Copyright: WFP Photolibrary
Smallholder farmers in developing countries would have much to gain from vibrant agricultural markets. How to foster the development of these markets and ensure poor farmers have access to them are the key questions on the table in Rome at the Purchase for Progress Annual Review Meeting on 8-10 December.
ROME -- The Rome meeting, to be attended by 130 participants, will examine experiences over the past year in the 21 pilot countries where P4P has worked to assist smallholder farmers access agricultural markets and help them become competitive players in the market place.
“This will be a tremendous opportunity to learn from each other”, said Ken Davies, P4P Coordinator. “We are not only interested in successes; equally important is to know what has not worked and why.”
Government representatives, members of more than 50 partner organizations, development practitioners, donors, private sector and WFP staff will review the variety of approaches to assist smallholder farmers become competitive players in agricultural markets.
One key lesson so far is that there is no ‘right’ approach.
In Uganda, WFP supports the Warehouse Receipt System (WRS) through which smallholder farmers can deposit their commodities in a certified warehouse in return for a receipt that can be exchanged for cash at a local financial institution. The value of the receipt is, on average, equivalent to 60 percent of the market value of the deposited commodity, and the balance is paid after the commodity is sold less storage and cleaning costs. Through the WRS farmers can access cash at the harvest time without having to sell their produce in a rush.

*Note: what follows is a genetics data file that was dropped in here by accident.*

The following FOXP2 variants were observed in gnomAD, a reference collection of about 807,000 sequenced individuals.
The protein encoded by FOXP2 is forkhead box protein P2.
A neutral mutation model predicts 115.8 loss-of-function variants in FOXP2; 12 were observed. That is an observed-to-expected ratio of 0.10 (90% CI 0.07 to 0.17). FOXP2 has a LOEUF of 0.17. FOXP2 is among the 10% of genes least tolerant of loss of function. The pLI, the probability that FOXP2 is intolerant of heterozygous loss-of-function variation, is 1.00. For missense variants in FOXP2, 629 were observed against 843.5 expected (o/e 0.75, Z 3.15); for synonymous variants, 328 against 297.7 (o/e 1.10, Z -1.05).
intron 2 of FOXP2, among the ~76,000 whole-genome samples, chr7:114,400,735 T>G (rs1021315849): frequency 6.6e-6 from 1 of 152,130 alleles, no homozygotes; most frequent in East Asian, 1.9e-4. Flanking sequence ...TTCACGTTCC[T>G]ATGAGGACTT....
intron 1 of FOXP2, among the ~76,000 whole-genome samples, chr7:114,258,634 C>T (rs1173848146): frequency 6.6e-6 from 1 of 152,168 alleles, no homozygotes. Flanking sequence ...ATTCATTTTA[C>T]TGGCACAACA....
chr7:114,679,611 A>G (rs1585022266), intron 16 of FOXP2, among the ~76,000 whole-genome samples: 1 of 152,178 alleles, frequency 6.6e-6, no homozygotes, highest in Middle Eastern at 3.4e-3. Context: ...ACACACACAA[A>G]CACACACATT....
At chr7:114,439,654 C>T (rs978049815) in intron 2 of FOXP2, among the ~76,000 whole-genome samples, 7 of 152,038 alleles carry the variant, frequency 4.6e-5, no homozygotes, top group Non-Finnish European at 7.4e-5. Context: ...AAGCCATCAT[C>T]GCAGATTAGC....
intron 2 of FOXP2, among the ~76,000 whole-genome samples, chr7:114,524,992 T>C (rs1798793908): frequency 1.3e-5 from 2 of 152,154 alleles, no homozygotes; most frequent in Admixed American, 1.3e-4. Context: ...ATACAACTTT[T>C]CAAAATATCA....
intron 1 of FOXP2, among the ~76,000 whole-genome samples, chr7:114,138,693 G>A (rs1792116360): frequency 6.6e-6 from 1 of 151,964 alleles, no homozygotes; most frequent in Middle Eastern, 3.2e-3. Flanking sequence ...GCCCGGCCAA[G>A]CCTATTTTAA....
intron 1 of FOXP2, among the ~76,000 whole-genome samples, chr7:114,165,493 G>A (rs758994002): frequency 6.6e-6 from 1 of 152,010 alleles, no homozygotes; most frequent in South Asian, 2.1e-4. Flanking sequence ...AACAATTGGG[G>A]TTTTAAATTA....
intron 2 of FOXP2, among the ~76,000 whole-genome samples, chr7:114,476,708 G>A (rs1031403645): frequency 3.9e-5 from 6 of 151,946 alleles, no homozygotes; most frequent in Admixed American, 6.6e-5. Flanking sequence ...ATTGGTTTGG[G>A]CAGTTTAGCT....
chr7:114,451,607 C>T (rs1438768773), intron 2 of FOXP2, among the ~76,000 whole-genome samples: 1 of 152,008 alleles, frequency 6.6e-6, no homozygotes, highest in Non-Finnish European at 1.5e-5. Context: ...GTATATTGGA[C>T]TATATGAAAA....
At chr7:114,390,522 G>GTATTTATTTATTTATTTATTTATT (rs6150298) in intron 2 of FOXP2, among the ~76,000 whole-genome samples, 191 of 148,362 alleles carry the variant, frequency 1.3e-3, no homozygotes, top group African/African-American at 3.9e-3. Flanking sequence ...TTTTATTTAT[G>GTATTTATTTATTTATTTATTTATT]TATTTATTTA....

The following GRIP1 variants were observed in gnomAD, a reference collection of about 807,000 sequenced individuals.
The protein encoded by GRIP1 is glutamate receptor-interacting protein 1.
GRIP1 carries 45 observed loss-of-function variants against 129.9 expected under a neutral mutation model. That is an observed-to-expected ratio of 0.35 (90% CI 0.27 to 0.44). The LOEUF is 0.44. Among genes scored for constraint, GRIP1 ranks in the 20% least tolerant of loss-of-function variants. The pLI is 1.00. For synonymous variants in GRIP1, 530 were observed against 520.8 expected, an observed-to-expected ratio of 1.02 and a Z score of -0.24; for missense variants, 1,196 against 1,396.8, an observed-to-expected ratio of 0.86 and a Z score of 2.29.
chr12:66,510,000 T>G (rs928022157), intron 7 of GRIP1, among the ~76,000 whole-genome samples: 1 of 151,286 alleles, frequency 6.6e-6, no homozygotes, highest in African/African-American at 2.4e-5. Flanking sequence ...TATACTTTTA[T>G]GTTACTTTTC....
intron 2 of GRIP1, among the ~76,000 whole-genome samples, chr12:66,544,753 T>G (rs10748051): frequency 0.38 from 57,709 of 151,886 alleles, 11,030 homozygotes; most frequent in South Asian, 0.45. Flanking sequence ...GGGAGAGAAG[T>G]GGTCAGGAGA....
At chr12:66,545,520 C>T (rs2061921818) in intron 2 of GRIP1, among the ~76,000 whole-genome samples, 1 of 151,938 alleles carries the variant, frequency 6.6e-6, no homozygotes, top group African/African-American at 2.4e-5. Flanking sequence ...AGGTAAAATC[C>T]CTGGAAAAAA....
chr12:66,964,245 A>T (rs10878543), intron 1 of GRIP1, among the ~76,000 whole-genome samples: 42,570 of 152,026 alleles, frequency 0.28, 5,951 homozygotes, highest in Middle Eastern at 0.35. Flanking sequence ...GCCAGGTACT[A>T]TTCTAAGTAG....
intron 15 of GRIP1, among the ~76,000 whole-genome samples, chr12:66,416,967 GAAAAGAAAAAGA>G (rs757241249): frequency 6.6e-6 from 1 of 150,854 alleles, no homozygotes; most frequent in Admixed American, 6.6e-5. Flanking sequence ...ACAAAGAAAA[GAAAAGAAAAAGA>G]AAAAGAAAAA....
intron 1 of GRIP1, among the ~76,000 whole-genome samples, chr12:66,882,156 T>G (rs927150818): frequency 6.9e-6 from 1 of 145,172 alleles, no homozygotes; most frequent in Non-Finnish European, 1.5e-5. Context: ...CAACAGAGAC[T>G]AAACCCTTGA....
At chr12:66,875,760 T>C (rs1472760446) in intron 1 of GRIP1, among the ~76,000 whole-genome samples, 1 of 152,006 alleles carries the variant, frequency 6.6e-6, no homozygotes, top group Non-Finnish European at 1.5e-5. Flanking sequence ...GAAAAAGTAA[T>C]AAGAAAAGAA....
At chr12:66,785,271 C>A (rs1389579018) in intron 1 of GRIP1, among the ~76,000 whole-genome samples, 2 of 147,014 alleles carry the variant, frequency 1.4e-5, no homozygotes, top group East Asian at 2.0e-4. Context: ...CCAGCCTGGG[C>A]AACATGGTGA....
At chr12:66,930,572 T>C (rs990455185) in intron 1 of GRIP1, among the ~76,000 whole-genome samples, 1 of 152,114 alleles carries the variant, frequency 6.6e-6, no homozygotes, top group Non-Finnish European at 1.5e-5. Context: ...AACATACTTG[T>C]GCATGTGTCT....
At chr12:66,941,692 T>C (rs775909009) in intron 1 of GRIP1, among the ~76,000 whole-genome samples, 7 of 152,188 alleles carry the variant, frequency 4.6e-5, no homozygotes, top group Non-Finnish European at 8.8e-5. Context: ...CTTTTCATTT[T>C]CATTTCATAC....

Meanwhile, in Mali, P4P partner, Afrique Verte, works with farmers’ and women’s organizations to teach them fundamental market skills like quality and packaging standards, or the relevance of delivery on time. Africa Verte educates farmers about how the market works to ensure their sustainable integration into the economy. As a result, one of the farmer’s organizations involved, Faso Jigi, was able to win a competitive tender to supply 600 mt of cereals to WFP.
In Zambia, WFP is working with the Zambia Agricultural Commodity Exchange (ZAMACE), a recently established public trading platform. WFP is buying food commodities from the Exchange helping it become a robust market outlet that promotes price transparency and provides an alternative market outlet for farmers. Meanwhile, WFP and partners are supporting farmers’ organisations meet the quantity and quality standards required.